May 30, 2024

SSD or Standard Volume: Choosing The Right Option For Your Business

3 min read

Storage options have been getting much more competitive. Yes, we’re talking speed and money. Your storage options are solid state drives (SSDs) and hard disk drives (HDDs) — both of which are very different and can benefit your company in unrelated ways. Decide which benefits your company most. If we compare the two storage technologies on cost per gigabyte, SSDs run $0.70 to $1 per gigabyte. Comparatively, hard drives cost only a few cents per gigabyte.

So, how to know which drive is best for your business? High performance is great, but perhaps you shouldn’t pay for high performance if your business doesn’t really need that quick access.

The Right Storage for Your Business

SSD or Standard Volume: Choosing The Right Option For Your BusinessHDDs may be best for users who need large amounts of storage and aren’t necessarily looking for peak performance. If you’re serving users who limit their usage to Web browsing, email access and simple document editing, then hard drives will probably work for you. The hard drive has speeds of about 200MB per second and can access data in a few milliseconds.

If your company relies on fast access applications, SSDs may be your best option. SSDs also do not have moving parts, so they are more durable and reliable. Early adopters that found speed and reliability indispensable to their business model include Facebook, Apple, and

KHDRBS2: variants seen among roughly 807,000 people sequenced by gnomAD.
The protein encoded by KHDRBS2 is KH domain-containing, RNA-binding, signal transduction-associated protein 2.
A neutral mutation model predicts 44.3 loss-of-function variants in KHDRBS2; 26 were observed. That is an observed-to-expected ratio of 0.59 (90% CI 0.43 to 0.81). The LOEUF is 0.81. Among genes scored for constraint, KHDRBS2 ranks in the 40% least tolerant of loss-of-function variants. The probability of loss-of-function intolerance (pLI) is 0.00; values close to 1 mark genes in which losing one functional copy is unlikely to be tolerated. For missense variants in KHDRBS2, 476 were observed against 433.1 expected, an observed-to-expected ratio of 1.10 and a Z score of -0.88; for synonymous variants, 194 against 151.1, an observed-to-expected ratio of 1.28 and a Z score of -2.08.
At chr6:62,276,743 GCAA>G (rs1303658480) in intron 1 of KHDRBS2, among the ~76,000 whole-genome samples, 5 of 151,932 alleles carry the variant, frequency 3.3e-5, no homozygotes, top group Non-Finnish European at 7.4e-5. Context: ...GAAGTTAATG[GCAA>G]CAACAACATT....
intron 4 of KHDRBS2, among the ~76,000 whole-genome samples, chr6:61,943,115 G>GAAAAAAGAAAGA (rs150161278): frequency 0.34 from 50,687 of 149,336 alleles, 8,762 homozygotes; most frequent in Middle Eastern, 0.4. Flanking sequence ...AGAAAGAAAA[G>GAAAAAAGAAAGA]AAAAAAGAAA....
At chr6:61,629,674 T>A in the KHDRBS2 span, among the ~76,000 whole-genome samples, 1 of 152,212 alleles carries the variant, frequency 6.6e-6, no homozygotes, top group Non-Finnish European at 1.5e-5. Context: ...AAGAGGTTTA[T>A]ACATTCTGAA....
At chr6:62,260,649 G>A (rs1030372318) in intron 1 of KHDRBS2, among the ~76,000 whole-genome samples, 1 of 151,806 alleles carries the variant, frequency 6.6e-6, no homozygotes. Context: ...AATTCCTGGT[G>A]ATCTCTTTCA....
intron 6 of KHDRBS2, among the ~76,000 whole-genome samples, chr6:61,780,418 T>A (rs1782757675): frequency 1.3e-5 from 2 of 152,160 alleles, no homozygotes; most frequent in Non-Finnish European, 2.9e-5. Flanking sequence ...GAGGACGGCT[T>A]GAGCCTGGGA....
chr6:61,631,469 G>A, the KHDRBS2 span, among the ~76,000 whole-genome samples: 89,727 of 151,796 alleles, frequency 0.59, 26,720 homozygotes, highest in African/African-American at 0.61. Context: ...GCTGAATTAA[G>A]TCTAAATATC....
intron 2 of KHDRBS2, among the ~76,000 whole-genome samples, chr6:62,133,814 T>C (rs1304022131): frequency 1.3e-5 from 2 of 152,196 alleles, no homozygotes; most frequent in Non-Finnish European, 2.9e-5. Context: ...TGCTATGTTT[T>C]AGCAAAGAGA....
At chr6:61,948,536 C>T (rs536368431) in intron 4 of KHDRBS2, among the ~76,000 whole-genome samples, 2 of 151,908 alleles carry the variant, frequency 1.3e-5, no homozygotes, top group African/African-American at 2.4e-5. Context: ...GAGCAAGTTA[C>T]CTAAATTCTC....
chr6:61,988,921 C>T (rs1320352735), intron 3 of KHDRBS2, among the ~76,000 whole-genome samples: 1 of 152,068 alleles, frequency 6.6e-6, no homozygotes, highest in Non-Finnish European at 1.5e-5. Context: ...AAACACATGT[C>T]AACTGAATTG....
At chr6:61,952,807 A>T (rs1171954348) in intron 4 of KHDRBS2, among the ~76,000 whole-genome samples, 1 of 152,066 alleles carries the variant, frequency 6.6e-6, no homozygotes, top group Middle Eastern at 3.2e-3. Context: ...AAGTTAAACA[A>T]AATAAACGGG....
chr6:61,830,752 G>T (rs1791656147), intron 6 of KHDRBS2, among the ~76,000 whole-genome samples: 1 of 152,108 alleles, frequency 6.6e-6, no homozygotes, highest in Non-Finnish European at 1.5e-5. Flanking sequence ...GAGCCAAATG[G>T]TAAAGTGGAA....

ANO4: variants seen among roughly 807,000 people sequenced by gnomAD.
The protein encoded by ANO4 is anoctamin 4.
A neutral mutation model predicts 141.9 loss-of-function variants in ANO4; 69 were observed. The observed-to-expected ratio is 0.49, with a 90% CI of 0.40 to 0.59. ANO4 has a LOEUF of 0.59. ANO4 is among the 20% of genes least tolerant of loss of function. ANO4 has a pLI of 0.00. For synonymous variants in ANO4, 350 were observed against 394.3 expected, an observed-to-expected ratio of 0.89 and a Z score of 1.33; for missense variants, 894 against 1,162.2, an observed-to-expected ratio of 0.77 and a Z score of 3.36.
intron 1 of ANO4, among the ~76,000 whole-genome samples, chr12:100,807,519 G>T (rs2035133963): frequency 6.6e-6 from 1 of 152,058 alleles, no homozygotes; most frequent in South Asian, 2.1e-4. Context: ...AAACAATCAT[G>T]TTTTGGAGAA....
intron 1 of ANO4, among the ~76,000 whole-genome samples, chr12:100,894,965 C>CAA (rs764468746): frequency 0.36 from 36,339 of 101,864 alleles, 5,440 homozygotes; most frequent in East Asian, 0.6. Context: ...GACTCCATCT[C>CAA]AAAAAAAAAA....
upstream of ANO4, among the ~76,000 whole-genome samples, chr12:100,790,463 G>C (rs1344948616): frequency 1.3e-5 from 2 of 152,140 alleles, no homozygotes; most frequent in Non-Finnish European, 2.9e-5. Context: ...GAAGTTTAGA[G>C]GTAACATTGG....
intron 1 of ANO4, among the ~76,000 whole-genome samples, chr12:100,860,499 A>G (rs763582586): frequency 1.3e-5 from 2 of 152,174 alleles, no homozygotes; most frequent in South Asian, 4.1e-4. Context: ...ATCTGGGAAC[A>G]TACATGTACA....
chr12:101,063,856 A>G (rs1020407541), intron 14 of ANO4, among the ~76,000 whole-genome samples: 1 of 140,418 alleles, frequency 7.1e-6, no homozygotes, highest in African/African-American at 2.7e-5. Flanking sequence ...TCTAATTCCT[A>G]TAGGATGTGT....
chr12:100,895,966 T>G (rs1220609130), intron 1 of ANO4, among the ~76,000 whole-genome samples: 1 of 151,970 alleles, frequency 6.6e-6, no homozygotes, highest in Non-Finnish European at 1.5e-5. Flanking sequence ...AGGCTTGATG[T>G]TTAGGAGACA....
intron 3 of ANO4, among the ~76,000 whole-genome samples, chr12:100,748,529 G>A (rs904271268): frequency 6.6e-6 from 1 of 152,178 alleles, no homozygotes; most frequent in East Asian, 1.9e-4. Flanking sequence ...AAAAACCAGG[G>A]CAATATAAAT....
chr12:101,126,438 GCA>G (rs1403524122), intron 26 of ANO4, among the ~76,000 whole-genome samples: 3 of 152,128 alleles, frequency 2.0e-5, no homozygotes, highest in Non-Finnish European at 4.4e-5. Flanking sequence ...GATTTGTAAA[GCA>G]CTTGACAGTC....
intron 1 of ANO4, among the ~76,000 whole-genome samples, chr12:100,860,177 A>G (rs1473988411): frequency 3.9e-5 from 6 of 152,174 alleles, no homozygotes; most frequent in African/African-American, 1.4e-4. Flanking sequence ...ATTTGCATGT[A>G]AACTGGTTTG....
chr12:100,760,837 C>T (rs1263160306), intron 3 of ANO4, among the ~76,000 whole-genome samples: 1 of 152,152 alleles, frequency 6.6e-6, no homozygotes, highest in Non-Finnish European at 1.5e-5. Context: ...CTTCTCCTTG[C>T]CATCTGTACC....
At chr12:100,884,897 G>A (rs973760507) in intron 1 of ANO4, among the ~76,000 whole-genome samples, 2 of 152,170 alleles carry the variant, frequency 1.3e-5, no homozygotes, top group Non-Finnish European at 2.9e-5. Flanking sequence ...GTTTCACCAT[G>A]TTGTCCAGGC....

Managing Storage Volumes

SSDs don’t have the capacity traditional hard drives have. The typical SSD has a capacity of 120GB to 256GB. Larger enterprises may opt for 512GB to 1TB.

When to Consider Hybrid Storage

If you’re not ready to commit to one storage technology and your business has varied needs, hybrid storage may be the answer for you. Your first consideration with hybrid storage is budget. Can you afford to pair the more expensive SSD with a high-capacity hard drive? If you have the budget, you’ll be combining SSD speeds with hard drive capacity on one drive.

You can place your operating system in the SSD, along with frequently used applications, while relegating bulk file storage to your hard drive.

You don’t always have to store your data on in-house file servers, though. You can access fast bulk file storage in the cloud, where you don’t have to worry about replacing failed drives or backing up your data. Your storage capacity expands as you need it and you only pay for the storage you use, saving your business quite a bit of money.

If you decide to go with hybrid storage, you’ll see improved boot times and greater capacity, but keep in mind it may be a complicated process that not all PC users will like. Additionally, hybrid storage tends to underperform when it comes to new data. The software must learn which data to cache, so, initially, you may experience a slow period and the system has the potential to be more complicated to configure.

To avoid the learning to cache phase, some storage experts link the SSD with a standard hard drive that comes with specialized caching software.

No matter which storage option you choose, make sure you choose a storage product based on open source technology instead of proprietary architecture that may tie you to a particular product longer than you’d like.

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